• Finally, there is Russia, which has gotten its own division in the annual reports due to the focus on growth on this market. This division consists of both power and heat generation in Russia. This is a growing market with a revenue increase of 28% in the last two years.

Also worth mentioning is the insinuation of a possible entry into the Asian markets since there is a vast growth in demand for energy on this continent. The recent actions from EU has made the European energy market more free, and the utility companies have therefore been forced to adapt the new environment. The short-term consequences are an overcapacity of power plants, impairments, and unsatisfactory financial results, but with the liberalization comes a considerable potential for long-term earnings growth. Most investors do not seem to have the required patience, and substantial declines in stock prices have therefore occurred. Fortum, however, has done quite well compared to its peers E.ON (OTCQX:EONGY) and RWE (OTCPK:RWEOY).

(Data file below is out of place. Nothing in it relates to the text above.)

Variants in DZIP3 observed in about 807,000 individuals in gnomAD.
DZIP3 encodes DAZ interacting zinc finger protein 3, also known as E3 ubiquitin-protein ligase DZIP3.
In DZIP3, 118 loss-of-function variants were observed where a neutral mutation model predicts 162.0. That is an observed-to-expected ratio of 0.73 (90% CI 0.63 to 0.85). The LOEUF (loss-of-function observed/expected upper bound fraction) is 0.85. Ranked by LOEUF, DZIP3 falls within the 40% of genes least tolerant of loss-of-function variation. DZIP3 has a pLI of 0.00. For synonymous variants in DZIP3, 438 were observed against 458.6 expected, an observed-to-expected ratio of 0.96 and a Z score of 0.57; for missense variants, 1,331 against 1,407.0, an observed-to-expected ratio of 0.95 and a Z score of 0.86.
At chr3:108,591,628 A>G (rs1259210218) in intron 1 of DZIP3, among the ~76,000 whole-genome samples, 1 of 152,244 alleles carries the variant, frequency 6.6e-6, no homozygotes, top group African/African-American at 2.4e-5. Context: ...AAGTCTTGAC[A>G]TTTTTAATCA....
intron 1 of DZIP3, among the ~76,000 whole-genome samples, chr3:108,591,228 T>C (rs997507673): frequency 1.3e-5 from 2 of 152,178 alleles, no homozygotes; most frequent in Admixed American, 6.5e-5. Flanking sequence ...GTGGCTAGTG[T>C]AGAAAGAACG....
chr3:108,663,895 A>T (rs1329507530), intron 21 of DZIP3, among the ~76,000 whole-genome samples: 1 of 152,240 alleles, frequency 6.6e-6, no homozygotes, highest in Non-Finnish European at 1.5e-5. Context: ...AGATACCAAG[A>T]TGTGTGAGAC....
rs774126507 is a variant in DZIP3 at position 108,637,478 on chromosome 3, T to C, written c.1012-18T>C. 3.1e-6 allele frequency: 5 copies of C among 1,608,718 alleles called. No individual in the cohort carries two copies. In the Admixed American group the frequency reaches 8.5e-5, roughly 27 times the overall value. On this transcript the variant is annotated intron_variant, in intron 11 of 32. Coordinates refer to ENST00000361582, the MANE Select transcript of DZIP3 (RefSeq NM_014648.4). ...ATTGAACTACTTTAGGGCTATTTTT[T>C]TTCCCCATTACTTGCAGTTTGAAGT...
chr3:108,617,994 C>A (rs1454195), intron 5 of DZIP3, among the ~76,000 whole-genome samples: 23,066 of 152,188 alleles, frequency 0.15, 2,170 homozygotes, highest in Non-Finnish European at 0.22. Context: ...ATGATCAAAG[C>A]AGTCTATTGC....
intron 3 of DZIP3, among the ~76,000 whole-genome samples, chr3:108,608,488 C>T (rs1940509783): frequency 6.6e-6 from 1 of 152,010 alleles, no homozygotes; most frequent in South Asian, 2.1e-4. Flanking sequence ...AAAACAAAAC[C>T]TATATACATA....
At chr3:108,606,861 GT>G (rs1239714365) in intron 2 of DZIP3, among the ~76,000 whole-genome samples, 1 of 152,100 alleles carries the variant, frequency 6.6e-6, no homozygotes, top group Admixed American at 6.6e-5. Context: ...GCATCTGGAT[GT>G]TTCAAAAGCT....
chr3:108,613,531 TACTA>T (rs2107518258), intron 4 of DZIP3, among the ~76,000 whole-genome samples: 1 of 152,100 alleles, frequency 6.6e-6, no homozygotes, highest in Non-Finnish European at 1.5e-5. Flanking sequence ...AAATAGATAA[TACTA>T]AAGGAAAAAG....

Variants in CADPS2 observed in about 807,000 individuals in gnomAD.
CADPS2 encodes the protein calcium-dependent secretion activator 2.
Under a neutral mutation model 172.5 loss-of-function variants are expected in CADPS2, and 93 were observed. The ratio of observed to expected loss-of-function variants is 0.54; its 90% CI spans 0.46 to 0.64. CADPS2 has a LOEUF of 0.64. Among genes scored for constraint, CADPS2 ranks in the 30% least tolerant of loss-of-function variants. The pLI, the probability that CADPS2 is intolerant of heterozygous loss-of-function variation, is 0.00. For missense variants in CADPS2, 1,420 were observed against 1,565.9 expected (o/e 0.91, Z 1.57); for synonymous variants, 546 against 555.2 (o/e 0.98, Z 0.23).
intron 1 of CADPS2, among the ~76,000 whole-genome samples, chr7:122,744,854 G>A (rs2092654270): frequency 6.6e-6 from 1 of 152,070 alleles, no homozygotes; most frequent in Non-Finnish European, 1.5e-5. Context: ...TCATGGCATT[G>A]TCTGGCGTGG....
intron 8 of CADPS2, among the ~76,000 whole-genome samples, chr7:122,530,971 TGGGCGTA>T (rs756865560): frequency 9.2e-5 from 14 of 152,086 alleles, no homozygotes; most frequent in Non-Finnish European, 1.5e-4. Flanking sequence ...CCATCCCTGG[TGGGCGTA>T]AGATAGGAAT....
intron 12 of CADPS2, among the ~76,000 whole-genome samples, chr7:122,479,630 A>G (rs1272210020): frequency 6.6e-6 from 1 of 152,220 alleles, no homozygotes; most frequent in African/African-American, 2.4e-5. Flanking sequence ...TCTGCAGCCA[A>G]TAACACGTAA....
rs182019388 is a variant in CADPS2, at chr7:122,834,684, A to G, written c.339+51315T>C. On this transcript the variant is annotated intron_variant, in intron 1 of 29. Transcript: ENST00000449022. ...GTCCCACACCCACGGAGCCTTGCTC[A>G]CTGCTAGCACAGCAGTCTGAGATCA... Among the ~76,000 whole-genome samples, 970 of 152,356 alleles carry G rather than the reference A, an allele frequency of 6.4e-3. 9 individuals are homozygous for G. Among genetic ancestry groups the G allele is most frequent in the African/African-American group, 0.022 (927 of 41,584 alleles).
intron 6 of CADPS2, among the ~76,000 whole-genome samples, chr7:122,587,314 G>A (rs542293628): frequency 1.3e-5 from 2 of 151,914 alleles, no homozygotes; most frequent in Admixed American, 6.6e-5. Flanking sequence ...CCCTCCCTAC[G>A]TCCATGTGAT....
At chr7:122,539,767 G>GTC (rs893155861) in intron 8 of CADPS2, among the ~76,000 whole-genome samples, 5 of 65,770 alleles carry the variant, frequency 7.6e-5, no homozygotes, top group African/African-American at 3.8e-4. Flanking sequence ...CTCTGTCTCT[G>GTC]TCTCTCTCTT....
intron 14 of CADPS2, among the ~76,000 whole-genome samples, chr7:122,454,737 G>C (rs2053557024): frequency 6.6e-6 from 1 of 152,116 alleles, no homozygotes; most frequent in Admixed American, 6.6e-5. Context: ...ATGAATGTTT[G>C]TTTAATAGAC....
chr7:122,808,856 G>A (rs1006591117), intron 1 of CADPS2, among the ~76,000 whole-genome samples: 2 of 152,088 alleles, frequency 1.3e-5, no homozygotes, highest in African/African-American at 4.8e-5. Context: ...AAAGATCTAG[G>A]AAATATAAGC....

The Financials

Fortum has a consistent and reliable income stream, as shown below:

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Fortum delivered a satisfactory result in 2012 despite a demanding business environment and low expectations. Macroeconomic uncertainty about future growth rates of the global energy demand and the historically high water reservoir levels puts additional pressure on prices in the Nordics compared to 2011. Even though there are challenges in the industry, one should notice the stable development even through the first years of the financial crisis.

Furthermore, the profit margin is great and the return on equity seems sufficient. The company has paid €1.0 per share the last five years, which results in a current dividend yield of approximately 7%. The dividend policy states that the company aims to pay a dividend that corresponds to an average payout ratio of 50% to 60%. I do not expect increased dividends at the moment, but I can live with a 7% yield in the coming years.